Long is particularly keen on getting photosynthetically souped-up seed to farmers in sub-Saharan Africa, a region that didn’t much benefit from the yield gains of the original Green Revolution. Today, more than two hundred million people there are chronically undernourished.
“If we can provide smallholder farmers in Africa with technologies that will produce more food and give them a better livelihood, that’s what really motivates the team,” Long told me. One of the Gates Foundation’s stipulations is that any breakthroughs that result from RIPE’s work be made available “at an affordable price” to companies or government agencies that supply seed to farmers in the world’s poorest countries.
Before any of RIPE’s creations could be planted in sub-Saharan Africa, though, or anywhere else, for that matter, all sorts of licenses would have to be obtained. (The gene-editing techniques that Long and his colleagues are using are themselves often patented.) Then the altered genes would have to be approved by the relevant agency in the nation in question, and the alterations would have to be bred into local varieties. So far, only a handful of African countries have O.K.’d genetically modified crops, and most of the approvals have been for G.M. cotton. A recent study noted that at least two dozen G.M. food crops—some modified for insect resistance, others for salt tolerance—have been submitted to regulatory agencies in the region but remain in limbo.
“A host of viable technologies continue to sit on the shelf, frequently due to regulatory paralysis,” the study observed. (In the U.S., practically all of the soy and corn grown is genetically modified; other approved G.M. food crops include apples, potatoes, papayas, sugar beets, and canola. In Europe, by contrast, G.M. crops are generally banned.) Meanwhile, to the extent that attitudes toward G.M. foods have been surveyed in sub-Saharan Africa, a majority of people seem to be leery of them. A recent study conducted in Zimbabwe, for example, found that almost three-quarters of the respondents believed them to be “too risky.” And smallholder farmers don’t have enough land to leave buffer zones, which means that, if they grow G.M. crops that cross-pollinate, these could mix with, or contaminate, their non-G.M. neighbors.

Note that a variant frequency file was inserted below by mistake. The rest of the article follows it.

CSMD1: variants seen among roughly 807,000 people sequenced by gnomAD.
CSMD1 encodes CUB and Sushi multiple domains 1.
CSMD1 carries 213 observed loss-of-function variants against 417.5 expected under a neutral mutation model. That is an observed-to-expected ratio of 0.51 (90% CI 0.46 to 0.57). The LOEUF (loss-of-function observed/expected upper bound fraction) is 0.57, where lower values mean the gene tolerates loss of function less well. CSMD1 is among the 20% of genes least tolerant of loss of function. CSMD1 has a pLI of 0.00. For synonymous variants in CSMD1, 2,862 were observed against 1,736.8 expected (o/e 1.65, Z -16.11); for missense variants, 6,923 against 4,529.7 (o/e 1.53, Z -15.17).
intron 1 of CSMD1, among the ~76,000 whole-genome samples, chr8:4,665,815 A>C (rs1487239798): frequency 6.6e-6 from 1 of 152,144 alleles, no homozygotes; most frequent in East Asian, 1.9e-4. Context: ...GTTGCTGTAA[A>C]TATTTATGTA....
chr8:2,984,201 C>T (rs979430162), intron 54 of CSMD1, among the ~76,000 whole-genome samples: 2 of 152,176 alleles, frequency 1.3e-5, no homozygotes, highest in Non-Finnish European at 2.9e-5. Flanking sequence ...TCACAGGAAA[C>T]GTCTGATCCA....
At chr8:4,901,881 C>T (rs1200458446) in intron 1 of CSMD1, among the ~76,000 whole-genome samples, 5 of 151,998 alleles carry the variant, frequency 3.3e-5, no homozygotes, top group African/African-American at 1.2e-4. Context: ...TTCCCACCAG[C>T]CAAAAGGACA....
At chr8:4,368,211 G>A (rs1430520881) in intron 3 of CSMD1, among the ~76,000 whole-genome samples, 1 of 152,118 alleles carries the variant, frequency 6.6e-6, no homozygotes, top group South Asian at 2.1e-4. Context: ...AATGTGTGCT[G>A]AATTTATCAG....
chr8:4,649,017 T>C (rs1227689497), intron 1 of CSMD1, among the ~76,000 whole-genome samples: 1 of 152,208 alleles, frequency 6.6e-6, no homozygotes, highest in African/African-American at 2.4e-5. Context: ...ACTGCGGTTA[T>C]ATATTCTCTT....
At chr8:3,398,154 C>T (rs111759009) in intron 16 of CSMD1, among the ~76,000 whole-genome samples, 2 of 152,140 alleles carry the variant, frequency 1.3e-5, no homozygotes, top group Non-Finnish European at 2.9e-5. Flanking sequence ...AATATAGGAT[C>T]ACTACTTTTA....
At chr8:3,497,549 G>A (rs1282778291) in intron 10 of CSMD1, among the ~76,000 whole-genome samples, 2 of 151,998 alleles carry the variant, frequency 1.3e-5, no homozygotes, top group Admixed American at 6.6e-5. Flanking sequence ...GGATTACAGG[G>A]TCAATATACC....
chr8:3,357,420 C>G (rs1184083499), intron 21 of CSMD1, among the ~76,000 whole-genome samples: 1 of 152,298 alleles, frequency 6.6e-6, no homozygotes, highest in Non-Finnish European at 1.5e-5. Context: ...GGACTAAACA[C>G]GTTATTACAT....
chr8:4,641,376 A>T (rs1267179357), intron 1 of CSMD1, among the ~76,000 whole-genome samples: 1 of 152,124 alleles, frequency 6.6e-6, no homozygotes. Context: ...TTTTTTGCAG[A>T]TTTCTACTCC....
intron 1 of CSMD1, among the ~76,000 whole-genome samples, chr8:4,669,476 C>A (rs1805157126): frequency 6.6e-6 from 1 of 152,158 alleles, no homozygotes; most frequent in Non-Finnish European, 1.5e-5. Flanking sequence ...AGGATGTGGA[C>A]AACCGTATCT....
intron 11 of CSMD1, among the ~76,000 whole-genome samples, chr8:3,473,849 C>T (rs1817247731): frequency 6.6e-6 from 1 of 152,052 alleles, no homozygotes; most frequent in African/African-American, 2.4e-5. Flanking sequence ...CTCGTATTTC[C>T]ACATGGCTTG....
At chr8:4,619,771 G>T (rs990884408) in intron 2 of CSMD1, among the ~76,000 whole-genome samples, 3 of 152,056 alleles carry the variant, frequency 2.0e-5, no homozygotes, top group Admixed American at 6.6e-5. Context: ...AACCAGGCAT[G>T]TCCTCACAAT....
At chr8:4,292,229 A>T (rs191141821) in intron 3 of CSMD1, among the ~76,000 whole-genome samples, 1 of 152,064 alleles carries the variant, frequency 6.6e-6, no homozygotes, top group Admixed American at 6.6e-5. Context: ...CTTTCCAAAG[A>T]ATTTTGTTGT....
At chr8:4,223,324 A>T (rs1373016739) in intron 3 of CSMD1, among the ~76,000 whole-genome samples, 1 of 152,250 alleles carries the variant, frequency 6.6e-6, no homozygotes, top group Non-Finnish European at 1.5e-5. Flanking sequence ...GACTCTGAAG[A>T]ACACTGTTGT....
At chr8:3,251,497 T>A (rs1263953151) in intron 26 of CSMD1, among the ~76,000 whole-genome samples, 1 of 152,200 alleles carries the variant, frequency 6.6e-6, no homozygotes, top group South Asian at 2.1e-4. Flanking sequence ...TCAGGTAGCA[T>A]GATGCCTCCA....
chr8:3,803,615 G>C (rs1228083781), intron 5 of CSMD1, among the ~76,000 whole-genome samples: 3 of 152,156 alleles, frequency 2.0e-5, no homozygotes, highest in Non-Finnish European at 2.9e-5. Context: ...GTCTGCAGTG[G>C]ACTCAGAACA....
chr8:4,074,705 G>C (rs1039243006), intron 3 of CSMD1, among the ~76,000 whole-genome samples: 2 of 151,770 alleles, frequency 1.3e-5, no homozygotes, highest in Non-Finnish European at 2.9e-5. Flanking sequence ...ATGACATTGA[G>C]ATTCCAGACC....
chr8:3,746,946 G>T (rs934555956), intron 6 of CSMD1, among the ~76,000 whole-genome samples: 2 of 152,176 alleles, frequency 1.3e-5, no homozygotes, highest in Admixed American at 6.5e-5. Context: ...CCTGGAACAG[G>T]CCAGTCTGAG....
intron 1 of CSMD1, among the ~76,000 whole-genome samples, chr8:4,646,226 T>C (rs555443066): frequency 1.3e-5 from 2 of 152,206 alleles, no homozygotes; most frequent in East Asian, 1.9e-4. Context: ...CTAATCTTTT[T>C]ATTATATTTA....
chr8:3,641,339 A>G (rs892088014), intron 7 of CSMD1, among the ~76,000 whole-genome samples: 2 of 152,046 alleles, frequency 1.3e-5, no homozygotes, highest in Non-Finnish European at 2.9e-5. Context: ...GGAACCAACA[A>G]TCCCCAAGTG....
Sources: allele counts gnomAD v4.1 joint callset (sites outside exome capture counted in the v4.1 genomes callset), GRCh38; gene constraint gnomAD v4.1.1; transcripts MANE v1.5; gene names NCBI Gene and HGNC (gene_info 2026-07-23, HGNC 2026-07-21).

When I asked Long about the advisability of developing genetically modified varieties for use in countries that don’t particularly seem to want them, he told me that, at a meeting with RIPE researchers, a similar question had been posed to Bill Gates.
“His response was ‘Well, things might change if these predictions of food shortages come to pass,’ ” Long said. “ ‘And, if they do come to pass, it’s going to be too late to do this research.’ ”
Some thirty million years ago, a plant—no one knows exactly which one, but probably it was a grass—came up with its own hack to improve photosynthesis. The hack didn’t alter the steps involved in the process; instead, it added new ones. The new steps concentrated CO2 around RuBisCo, effectively eliminating the enzyme’s opportunity to make a mistake. (To extend the assembly-line metaphor, imagine a worker surrounded by crateloads of the right parts and none of the wrong ones.) At the time, carbon-dioxide levels in the atmosphere were falling—a trend that would continue more or less until humans figured out how to burn fossil fuels—so even though the hack cost the plant some energy, it offered a net gain. In fact, it proved so useful that other plants soon followed suit. What’s now known as C4 photosynthesis evolved independently at least forty-five times, in nineteen different plant families. (The term “C4” refers to a four-carbon compound that’s produced in one of the supplemental steps.) Nowadays, several of the world’s key crop plants are C4, including corn, millet, and sorghum, and so are several of the world’s key weeds, like crabgrass and tumbleweed.
C4 photosynthesis isn’t just more efficient than ordinary photosynthesis, which is known as C3. It also requires less water and less nitrogen, and so, in turn, less fertilizer. About twenty-five years ago, a plant physiologist named John Sheehy came up with what many other plant physiologists considered to be an absurd idea. He decided that rice, which is a C3 plant, should be transformed into a C4. Like Long, Sheehy was from England, but he was working in the Philippines, at the research institute where, in the nineteen-sixties, breeders had developed the rice varieties that helped spark the Green Revolution. In 1999, Sheehy hosted a meeting at the institute to discuss his idea. The general opinion of the participants was that it was impossible.
Sheehy didn’t give up. In 2006, nearing retirement, he pulled together a second meeting on the topic. Again, the attendees were skeptical. But this time around they decided that Sheehy’s scheme was at least worth a try. Jane Langdale, a plant biologist from Oxford, was among the researchers at the second meeting. “There was a sense that it was now or never,” she said recently, when I spoke to her over Zoom. “We were either going to have to get younger people interested in this or lose the opportunity.” Thus was born the C4 Rice Project, which Langdale now heads. (Sheehy died in 2019.)